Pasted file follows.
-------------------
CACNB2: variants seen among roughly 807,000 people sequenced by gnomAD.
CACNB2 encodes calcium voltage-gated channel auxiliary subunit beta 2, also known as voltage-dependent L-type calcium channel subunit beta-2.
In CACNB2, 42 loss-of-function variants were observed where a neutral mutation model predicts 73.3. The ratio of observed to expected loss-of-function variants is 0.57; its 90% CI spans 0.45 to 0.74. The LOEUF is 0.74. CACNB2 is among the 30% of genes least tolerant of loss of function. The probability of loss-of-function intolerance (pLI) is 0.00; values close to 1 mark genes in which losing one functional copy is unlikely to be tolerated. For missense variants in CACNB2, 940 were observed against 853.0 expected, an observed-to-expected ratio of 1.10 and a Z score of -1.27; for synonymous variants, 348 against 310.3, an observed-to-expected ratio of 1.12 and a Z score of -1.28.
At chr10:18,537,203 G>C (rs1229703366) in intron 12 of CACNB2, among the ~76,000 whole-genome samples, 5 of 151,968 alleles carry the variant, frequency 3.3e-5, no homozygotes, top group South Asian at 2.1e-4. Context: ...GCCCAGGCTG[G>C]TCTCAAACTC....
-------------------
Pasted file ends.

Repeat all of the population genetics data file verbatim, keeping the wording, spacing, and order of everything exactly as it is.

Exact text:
CACNB2: variants seen among roughly 807,000 people sequenced by gnomAD.
CACNB2 encodes calcium voltage-gated channel auxiliary subunit beta 2, also known as voltage-dependent L-type calcium channel subunit beta-2.
In CACNB2, 42 loss-of-function variants were observed where a neutral mutation model predicts 73.3. The ratio of observed to expected loss-of-function variants is 0.57; its 90% CI spans 0.45 to 0.74. The LOEUF is 0.74. CACNB2 is among the 30% of genes least tolerant of loss of function. The probability of loss-of-function intolerance (pLI) is 0.00; values close to 1 mark genes in which losing one functional copy is unlikely to be tolerated. For missense variants in CACNB2, 940 were observed against 853.0 expected, an observed-to-expected ratio of 1.10 and a Z score of -1.27; for synonymous variants, 348 against 310.3, an observed-to-expected ratio of 1.12 and a Z score of -1.28.
At chr10:18,537,203 G>C (rs1229703366) in intron 12 of CACNB2, among the ~76,000 whole-genome samples, 5 of 151,968 alleles carry the variant, frequency 3.3e-5, no homozygotes, top group South Asian at 2.1e-4. Context: ...GCCCAGGCTG[G>C]TCTCAAACTC....